NO I DO NOT GET PAID or compensated in any form of anything for this ha I wish! I don't get Google Ad money, traffic or per click money. I averaged 100+k page views a month prior to my cpne journey, so be sure that I have no hidden agenda, my blog sponsors deal with diapers, not nursing school so they don't care heh! Just here to help.

Some of the info and/or pictures included contains copyrighted content from Excelsior College which may be confidential in nature. No identifying patient data is included and this information is meant for demonstrative purposes. No replication of this information is permitted.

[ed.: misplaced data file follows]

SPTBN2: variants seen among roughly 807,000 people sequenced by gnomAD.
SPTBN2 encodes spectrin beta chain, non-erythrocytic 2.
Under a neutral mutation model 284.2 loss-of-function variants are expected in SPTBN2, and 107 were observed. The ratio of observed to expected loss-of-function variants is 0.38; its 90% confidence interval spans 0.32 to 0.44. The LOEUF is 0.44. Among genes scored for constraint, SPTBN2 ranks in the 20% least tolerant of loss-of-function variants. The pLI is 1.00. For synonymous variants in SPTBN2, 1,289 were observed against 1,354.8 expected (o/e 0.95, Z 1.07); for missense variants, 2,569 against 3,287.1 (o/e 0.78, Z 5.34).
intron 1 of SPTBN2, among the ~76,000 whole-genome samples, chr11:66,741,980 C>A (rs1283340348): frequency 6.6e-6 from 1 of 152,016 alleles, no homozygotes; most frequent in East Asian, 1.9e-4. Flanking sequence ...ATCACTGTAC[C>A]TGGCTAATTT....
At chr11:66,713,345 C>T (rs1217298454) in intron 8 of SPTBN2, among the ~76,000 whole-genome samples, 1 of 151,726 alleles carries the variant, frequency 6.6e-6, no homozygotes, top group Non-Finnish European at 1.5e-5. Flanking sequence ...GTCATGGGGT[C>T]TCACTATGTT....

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A brief history of how I got here. Graduated as an LPN in 2007 tried to move right into the bridge program but long story short school was a mess lost accreditation, etc. Worked in pediatrics, started my own biz around the same time on a whim. Eventually quit my job, had both of my Dudes and intended to finish my degree at some point. Realized that my pre-req credits would be expiring soon (meaning re-taking 2 years worth of A&P, micro, and such) and said uh oh. Stayed away from a traditional nursing program since it’d cost $2000/mo just to put the Dudes in daycare and chose Excelsior instead. If I’d only known then what I know now…. Decided to finish the program as fast as humanely possible. Signed up for all 8 theory exams right away, bought some previous students study notes, not one textbook and passed all exams in just over 6 weeks. Enrolled in both sections of the FCCA immediately, got stuck with the full 8 week computer version. Passed those and submitted my CPNE app the next day. Got my date about 4 weeks later (beginning of December) for March 1. Signed up for Sheri Taylor’s workshop 2 weeks prior to my test date and attempted to study in the meantime. Finished reading the 500 page studyguide about a week before the workshop. Finally got my head around what I was doing at the workshop and came home to study for my final 2 weeks. Submitted careplans and practiced labs for my final week and jetted off to Wisconsin. Went 3 for 4 in labs, passed #4 the next day, went 3 for 3 on PCS’s, flew home and started writing this for all of you before I forgot details.